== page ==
The baby formula shortage has become an ongoing crisis as parents continue hunting for products nationwide.
The U.S. Food and Drug Administration announced it will take "important steps" to remedy the country's formula supply chain after American parents and pediatricians made their concerns known about the current formula shortage.
"We recognize that many consumers have been unable to access infant formula and critical medical foods they are accustomed to using and are frustrated by their inability to do so," said FDA Commissioner Robert M. Califf, on Tuesday, May 10. "We are doing everything in our power to ensure there is adequate product available where and when they need it."
The worrisome shortage stems in part from a formula recall and pandemic-related production strains.
Here's a by-the-numbers breakdown on the milk substitute market.
1 – Parents can stop feeding baby formula to infants after they’ve reached the one-year mark, according to the Centers for Disease Control and Prevention's (CDC) nutrition guidelines.
6 – There are six major baby formula manufacturers that are registered with the FDA. The brands include Abbott Nutrition, Mead Johnson Nutritionals (Bristol-Myers Squibb Company), Nestle Infant Nutrition, PBM Nutritionals, Prolacta Biosciences, Inc., and Nutricia North America (SHS International Limited).
8 to 12 – Baby formula reliant newborns should be fed one to two ounces of formula "8 to 12 times in 24 hours" in the first days of life, the CDC’s nutrition guidelines state. As babies get older, they can be fed formula "about every 3 to 4 hours" until the five-month mark. From six to 12 months, formula feedings can decrease to "about 5 to 6 times in 24 hours," the CDC says.
12 – The current birth rate in the U.S. is 12.012 births per 1,000 people, according to projections from the United Nations. If that estimate is correct, that’s a 9.2% increase from the birth rate the CDC reported in 2020, which was 11.0 per 1,000 people (approximately 3.6 million births).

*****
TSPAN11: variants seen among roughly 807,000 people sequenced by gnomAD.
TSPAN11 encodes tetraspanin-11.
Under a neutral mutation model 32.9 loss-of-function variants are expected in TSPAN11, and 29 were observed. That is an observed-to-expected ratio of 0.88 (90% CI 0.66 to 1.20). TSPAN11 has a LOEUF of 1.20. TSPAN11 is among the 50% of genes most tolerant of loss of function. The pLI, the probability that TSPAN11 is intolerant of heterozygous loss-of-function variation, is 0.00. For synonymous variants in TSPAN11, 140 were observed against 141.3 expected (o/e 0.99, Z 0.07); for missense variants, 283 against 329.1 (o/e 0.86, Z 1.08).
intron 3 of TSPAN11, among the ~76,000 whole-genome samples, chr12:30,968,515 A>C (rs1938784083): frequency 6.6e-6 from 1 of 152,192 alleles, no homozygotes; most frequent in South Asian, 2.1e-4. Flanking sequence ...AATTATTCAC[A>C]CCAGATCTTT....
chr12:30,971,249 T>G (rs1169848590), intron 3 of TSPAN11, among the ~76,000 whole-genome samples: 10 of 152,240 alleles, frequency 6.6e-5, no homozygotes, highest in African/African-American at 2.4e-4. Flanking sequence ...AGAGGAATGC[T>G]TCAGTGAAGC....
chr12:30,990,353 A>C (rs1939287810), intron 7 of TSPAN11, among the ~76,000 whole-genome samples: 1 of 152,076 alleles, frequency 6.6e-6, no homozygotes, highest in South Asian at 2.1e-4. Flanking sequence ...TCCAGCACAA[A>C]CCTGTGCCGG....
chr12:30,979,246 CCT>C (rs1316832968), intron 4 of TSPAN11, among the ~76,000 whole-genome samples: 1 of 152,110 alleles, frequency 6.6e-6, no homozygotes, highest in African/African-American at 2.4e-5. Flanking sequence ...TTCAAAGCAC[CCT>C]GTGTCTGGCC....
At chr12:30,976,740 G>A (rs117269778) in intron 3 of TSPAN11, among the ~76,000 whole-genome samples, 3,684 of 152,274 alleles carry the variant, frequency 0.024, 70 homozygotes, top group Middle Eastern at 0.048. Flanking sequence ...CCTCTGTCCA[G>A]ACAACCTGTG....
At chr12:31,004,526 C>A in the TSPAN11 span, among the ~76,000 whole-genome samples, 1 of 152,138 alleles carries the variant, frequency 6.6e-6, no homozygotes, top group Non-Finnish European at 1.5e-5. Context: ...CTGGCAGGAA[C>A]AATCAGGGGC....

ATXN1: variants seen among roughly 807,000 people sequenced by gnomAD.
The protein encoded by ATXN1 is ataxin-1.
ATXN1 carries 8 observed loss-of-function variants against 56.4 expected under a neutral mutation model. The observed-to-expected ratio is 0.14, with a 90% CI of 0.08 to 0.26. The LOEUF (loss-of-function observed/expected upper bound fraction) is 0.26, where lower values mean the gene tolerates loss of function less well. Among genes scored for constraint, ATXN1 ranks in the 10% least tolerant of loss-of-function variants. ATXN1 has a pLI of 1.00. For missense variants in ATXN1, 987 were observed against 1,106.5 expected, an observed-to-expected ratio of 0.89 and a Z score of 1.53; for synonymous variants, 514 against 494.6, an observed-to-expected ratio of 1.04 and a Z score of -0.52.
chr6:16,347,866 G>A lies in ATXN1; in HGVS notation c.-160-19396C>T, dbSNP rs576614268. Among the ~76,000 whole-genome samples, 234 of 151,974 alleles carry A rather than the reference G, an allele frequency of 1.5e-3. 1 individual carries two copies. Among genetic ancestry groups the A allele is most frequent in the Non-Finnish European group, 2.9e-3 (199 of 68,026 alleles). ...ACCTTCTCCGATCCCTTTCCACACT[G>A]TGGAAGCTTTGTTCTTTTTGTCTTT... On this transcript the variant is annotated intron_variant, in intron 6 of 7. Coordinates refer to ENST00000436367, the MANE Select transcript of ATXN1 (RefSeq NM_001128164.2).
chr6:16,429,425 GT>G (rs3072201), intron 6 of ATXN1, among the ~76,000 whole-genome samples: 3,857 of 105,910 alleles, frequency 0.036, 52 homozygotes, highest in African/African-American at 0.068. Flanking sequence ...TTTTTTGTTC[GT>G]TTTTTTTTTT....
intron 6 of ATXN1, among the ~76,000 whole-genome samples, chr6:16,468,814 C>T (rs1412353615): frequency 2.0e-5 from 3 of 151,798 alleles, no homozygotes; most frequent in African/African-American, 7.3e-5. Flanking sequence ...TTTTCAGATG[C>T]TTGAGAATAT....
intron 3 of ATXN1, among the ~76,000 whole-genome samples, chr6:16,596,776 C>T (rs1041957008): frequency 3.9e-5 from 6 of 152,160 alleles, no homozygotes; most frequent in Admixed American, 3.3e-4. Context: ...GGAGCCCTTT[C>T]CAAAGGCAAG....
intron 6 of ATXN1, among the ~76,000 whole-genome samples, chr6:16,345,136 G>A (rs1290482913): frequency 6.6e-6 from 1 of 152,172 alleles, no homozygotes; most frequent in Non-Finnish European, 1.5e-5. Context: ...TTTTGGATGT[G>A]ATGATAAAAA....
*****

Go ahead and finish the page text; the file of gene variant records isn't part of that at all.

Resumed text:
19 – Baby formula was invented in the 19th century. Nutrition scientists noted a rise in infant mortality after "dry nursing" – feeding animal milk to babies – grew in popularity, according to Contemporary Pediatrics, an Ohio-based journal that publishes peer-reviewed articles and clinical studies.
In 1838, German physician Johann Franz Simon analyzed human and cow milk, and he found that the latter had a "higher protein content and a lower carbohydrate content." From that chemical breakdown German chemist Justus von Liebig developed the world’s first commercial baby formula – Liebig's Soluble Infant Food – in 1967, which was made from wheat flour, cow's milk, malt flour and potassium bicarbonate.
20% – Nearly 20% – or one in five (19.2%) – newborns were given baby formula within the first two days of life, the CDC’s 2020 Breastfeeding Report Card found.
29 – The FDA requires baby formula manufacturers to meet certain nutrient specifications in order to be sold in the U.S. The required specs include "minimum amounts for 29 nutrients," according to a consumer Q&A published by the FDA. Nine of those nutrients have "maximum amounts" assigned to them.
$1,200 to $1,500 – Families that depend on baby formula spend $1,200 to $1,500 per year on the breast milk substitute on average, according to current estimates published by the U.S. Surgeon General.
$5.81 billion – The infant formula market is expected to reach $5.81 billion in America by the year 2027, according to Allied Market Research (AMR), a global market research firm based in Portland, Oregon. AMR released its report, "U.S. Baby Infant Formula Market" in 2021, citing that the increase of women in the workforce and "high nutritional content" of formula as the factors driving market growth.
$50.46 billion – In 2019, the global baby formula market size was valued at $50.46 billion, according to a market research report published by Fortune Business Insights – a global market study and consulting company based in Pune, India.
$109.1 billion – Fortune Business Insights' most recent baby formula market report has forecasted that the baby formula market’s value could grow up to $109.1 billion by 2027. If that estimate turns out to be correct, that would be a compound annual growth rate of 10.6% in an eight-year period.